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Nats still feel no love in Philly

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Nats still feel no love in Philly

PHILADELPHIA -- For all the agony they have suffered in this town, the lopsided losses and the taunting fans and especially the division titles clinched against them, the Nationals arrived in Philadelphia on Tuesday knowing they could leave town Thursday having celebrated on enemy turf.

First things first, though. They needed to win their series opener against the Phillies, which proved perhaps a more daunting task than hoped.

A two-inning meltdown by Ross Detwiler left the Nationals in a deep early hole. Then, despite knocking out ace Cole Hamels after five innings, they couldn't touch a parade of relievers that trotted out of the Philadelphia bullpen.

Combine this 6-3 loss with the Braves' simultaneous walk-off, 4-3 victory over the Marlins and suddenly the Nationals' path to the NL East crown looks a bit bumpier. Their lead is down to four games with eight to play. Their magic number remains five. And they can no longer clinch here in Philly. The celebration can't take place until Friday night in St. Louis at the absolute earliest.

"You take a lot of pride getting a win down the stretch like this," Detwiler said. "That's what we all play for. It could have been a big step. We could have celebrated on their field, like they have on our field, and I didn't let that happen."

The notion of the Nationals dancing in the middle of the diamond at Citizens Bank Park -- just as the Phillies did at Nationals Park upon clinching the 2010 NL East title and just as they did right here with the Nats in attendance in 2007 and 2008 -- maybe was too perfect. The poetic symmetry might have been too much to expect.

But if they couldn't wrap this thing up in front of their own fans on South Capitol Street, the Nationals would have loved to do it in South Philly. Just one problem: The local ballclub may not reach the postseason for the first time since 2006, but it's still a mighty tough club to beat.

Indeed, the Phillies remain a major thorn in the Nationals' side. Washington owns a 33-21 record against everyone else in the division but is now 5-8 against the five-time reigning champs.

"They've got a lot of quality players over there," manager Davey Johnson said. "Great pitching staff. Good team."

They also possess several potent bats, especially with Jimmy Rollins, Chase Utley, Ryan Howard and Carlos Ruiz all healthy at the same time at last. But opposing pitchers know they can be beat, provided they aren't simply handed free bases.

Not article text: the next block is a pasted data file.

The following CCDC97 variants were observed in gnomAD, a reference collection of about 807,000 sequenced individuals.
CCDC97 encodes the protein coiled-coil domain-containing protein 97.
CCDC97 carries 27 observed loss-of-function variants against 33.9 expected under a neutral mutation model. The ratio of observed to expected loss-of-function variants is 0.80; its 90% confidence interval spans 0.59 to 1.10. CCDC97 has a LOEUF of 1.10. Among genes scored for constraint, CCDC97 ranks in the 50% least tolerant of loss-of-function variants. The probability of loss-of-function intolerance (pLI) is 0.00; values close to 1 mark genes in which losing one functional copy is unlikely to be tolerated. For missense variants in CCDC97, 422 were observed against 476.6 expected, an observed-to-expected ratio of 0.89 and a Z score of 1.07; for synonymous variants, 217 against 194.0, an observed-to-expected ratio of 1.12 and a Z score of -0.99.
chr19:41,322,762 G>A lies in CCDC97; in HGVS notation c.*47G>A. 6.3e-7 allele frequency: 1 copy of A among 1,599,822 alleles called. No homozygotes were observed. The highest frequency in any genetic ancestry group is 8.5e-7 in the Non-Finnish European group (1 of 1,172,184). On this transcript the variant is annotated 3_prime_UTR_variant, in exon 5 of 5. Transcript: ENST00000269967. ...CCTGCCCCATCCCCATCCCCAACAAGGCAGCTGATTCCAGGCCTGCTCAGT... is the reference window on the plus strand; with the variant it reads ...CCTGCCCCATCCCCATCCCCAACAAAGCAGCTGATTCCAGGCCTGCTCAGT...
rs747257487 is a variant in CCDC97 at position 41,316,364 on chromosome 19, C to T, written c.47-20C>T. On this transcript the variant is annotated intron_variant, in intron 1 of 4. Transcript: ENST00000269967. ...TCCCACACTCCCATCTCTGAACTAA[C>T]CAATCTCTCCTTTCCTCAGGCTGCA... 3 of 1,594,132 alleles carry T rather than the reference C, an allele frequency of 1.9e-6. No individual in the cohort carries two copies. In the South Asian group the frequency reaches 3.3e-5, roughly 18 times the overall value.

That's what left Detwiler kicking himself at the end of this night. He could've been most upset about the two home runs he surrendered: one to rookie Darin Ruf, an old college adversary in the Missouri Valley Conference, and one to Ruiz, who tattooed a third-inning fastball into the left-field stands for a three-run homer that blew the game wide open.

The home runs, though, were less of a concern to Detwiler than the three walks he issued over a four-batter span in the second and third innings. The first was a four-pitch walk to Hamels; the second two opened the next frame and set the stage for Ruiz's homer.

"When I don't even have a fastball, that's what happened," he said. "I was kinda out there throwing the ball the other batter's box. It wasn't even close. You can't even expect a swing and miss at that point."

Unable to get ahead in the count with his fastball, Detwiler couldn't then turn to his offspeed pitches to finish off hitters, frustrating his manager.

"He's got a great fastball, but he's also got a good changeup and good curveball," Johnson said. "He's got to learn to pitch with them instead of just trying to overthrow. And that's what he was doing, just trying to overthrow. What'd he walk, five guys or something? You've got to learn. That's that learning process."

Detwiler did manage to right his ship and retired the last nine batters he faced following the Ruiz homer. At that point, the Nationals trailed 5-1, though they still liked their chances after knocking out Hamels (who threw a whopping 99 pitches in only five innings) and forcing Phillies manager Charlie Manuel to go to his suspect bullpen early.

The Nationals, though, couldn't touch that relief corps. They went 1-for-13 against Josh Lindblom, Justin DeFratus, Antonio Bastardo, Phillipe Aumont and Jonathan Papelbon and never seriously threatened to mount a comeback.

"You definitely want to get to the bullpen, especially in those middle innings," catcher Kurt Suzuki said. "But sometimes you can't do it."